Brigham Young Academy acting president correspondence, 1900
Scope and Contents
Contains correspondence between George H. Brimhall and students, parents, Church leaders, and others related to the administration of the Academy. Includes information on progress of the South American Expedition. Materials date from 1900.
- Brigham Young Academy (creator, Organization)
- Brimhall, George H. (George Henry), 1853-1932 (contributor, Person)
Conditions Governing Access
Restricted. Closed for 70 years from the end date of the administration, and thereafter open to the public in accordance with the University Archives Policy.
Conditions Governing Use
It is the responsibility of the researcher to obtain any necessary copyright clearances. Permission to use material from this collection must be obtained from Reference Services at firstname.lastname@example.org.
Brigham Young Academy (1875-1903) was established by the Church of Jesus Christ of Latter-day Saints under the direction of Brigham Young for the instruction of church members in the area of Provo, Utah.
Brigham Young Academy was the predecessor to Brigham Young University and Brigham Young High School. Brigham Young saw the school as a place where all secular learning should be fused with teachings from the scriptures. Despite steady growth during its early years, the Academy was threatened by a series of financial and physical setbacks. With the help and sacrifice of Abraham O. Smoot, the campus moved in 1891 to new facilities on University Avenue in Provo Utah. The Academy's curriculum strengthened and enrollment grew. In 1903, the name was officially changed to Brigham Young University.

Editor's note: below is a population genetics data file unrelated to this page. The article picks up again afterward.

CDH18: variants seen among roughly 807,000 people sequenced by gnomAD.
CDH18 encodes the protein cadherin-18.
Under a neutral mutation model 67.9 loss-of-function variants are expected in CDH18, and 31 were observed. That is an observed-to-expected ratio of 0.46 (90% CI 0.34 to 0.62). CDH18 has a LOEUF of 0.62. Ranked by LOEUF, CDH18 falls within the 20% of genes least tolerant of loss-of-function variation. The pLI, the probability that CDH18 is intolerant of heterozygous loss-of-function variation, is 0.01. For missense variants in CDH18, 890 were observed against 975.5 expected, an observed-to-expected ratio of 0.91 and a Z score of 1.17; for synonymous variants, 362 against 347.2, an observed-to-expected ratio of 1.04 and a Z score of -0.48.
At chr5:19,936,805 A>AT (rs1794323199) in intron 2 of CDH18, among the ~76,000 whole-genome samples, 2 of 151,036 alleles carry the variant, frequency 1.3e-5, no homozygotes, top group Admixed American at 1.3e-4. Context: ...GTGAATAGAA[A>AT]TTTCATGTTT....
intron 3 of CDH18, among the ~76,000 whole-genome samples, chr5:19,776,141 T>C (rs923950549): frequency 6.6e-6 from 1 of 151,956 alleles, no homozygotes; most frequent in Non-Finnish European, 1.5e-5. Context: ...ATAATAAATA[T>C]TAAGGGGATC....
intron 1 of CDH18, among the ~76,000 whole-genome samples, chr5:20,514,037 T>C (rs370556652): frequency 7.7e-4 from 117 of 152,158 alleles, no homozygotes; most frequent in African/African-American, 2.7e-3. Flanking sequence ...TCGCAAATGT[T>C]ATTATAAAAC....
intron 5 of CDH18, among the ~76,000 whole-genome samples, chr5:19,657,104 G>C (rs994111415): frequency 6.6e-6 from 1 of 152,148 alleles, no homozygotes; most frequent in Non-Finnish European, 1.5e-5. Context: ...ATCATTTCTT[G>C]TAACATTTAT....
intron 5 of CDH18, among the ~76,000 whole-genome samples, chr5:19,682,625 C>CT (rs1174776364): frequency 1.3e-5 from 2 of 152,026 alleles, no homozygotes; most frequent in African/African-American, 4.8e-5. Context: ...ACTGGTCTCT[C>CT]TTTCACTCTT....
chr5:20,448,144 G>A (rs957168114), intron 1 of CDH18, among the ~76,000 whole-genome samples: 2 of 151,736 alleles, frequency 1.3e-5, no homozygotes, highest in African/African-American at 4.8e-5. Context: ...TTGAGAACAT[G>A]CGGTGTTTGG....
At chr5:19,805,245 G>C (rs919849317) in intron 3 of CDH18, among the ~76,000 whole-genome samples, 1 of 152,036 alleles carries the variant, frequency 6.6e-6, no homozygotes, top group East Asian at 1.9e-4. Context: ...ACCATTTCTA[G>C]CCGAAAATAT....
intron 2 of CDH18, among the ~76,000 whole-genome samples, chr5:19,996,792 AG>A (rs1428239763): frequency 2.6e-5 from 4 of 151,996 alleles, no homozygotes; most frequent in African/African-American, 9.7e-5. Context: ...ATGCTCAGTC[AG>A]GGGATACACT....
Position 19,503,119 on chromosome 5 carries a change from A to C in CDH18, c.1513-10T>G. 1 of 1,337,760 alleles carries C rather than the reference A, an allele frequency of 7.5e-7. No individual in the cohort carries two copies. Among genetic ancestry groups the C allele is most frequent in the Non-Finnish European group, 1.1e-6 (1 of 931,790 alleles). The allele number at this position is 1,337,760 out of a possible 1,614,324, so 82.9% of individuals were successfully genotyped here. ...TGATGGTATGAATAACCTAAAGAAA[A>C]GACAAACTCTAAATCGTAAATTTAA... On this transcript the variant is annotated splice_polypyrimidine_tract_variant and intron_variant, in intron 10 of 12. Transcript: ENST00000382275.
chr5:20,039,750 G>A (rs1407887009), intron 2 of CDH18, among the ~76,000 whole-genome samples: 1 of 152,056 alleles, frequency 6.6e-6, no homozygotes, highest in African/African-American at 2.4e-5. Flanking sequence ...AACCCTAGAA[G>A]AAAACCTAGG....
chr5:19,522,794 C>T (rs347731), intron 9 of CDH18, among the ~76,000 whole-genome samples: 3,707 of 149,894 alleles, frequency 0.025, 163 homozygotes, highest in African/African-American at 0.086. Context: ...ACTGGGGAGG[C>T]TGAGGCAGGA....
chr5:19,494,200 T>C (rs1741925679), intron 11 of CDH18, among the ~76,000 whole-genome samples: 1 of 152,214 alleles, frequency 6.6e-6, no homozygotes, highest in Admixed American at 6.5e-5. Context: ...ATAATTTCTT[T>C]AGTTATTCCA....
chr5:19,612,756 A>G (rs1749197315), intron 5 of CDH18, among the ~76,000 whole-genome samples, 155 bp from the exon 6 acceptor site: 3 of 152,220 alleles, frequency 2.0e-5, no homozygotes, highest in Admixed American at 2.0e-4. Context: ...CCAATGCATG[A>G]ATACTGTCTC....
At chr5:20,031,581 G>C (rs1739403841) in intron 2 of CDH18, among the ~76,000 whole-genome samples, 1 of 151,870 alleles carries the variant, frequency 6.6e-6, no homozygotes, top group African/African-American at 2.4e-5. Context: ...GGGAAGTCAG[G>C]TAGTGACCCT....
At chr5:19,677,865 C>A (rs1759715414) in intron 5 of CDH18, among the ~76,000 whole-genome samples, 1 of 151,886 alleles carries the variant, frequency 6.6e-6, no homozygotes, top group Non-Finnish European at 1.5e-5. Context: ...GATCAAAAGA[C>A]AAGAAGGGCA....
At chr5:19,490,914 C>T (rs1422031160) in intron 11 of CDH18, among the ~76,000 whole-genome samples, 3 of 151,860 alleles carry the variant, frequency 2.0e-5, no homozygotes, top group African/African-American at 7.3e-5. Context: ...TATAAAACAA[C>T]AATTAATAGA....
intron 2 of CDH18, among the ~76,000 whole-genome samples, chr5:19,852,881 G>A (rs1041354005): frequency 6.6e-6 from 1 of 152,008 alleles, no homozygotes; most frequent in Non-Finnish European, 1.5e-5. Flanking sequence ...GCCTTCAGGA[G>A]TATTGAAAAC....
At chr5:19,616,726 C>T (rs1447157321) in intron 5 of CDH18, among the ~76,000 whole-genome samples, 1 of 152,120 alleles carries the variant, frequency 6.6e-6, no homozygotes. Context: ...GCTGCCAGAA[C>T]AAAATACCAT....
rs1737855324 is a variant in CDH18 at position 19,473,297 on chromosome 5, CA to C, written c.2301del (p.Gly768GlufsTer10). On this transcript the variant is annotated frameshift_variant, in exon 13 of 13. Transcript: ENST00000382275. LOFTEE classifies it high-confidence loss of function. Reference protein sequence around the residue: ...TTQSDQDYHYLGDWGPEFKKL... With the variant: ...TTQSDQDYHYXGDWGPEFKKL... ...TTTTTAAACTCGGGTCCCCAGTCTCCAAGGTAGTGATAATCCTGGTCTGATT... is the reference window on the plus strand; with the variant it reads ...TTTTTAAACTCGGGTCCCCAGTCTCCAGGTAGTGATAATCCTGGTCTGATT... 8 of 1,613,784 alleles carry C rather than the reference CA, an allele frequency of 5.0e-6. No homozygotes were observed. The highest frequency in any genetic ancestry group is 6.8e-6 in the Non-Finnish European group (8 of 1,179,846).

Brigham Young Academy principals included Warren N. Dusenberry (1876), Karl G. Maeser (1876-1892), and Benjamin Cluff (1892-1894). Benjamin Cluff served as Academy president between 1894 and 1903.
George H. Brimhall (1852-1932) was a student, teacher, principal, department head, acting president, president, president emeritus, and head of the alumni association at Brigham Young University.
George Henry Brimhall was born in Salt Lake City on December 9, 1852, to George Washington Brimhall and Rachel Ann Mayer. At age eighteen, he attended high school at the Timpanogos Branch of the University of Deseret in nearby Provo taught by Warren and Wilson Dusenberry. He and some friends built a school they named the Young Men's Academy. There Brimhall met Alsina Elizabeth Wilkins, a student at the academy, whom he married in the Endowment House in Salt Lake City on December 28, 1874. Together, they had six children. In September 1885, Brimhall married a second wife, Flora Robertson, in the Logan Temple. Together, they had eight children.
He gained teacher's certiﬁcates and diplomas and was elected superintendent of Utah County Schools and Provo City Schools. In 1891, the BYA Board of Trustees chairman, Abraham O. Smoot, asked Brimhall, to join Brigham Young Academy's teaching staﬀ and head the Normal (teacher training) Department. Brimhall received the degree of Bachelor of Pedagogy and became BYA Alumni Association's ﬁrst president. He received all of his higher education at BYA or BYU.
In 1898, Brimhall became a member of the General Church Board of Education. From 1900-1902, while Benjamin Cluff Jr. was away, he became acting principal of BYA. In December 1903, he received a letter from Joseph F. Smith asking him to be the president of the newly renamed Brigham Young University. He was inaugurated as BYU's second president on April 16, 1904 with Joseph B. Keller and Edwin S. Hinckley as his counselors.
Brigham Young University underwent a great deal of change under Brimhall's tenure. Student enrollment expanded, the degree of bachelor of pedagogy was replaced by the Bachelor of Arts and a master's degree was oﬀered. In addition, The Banyan, the university's first yearbook was published, the block Y on a mountain above campus had been painted, thirty-seven acres of the upper (present) campus had been acquired, the ﬁrst honorary degree had been conferred, and two new buildings (the Maeser Memorial Building and the Mechanic Arts Building, now known as the Brimhall Building) had been erected on upper campus.
Brimhall was released as president of BYU in 1921. He remained on campus and continued with his work for Church seminaries and as a member of the General Board of the Young Men's Mutual Improvement Association. Brimhall died on July 29, 1932 in Provo, Utah.
Language of Materials
Arranged alphabetically by correspondent.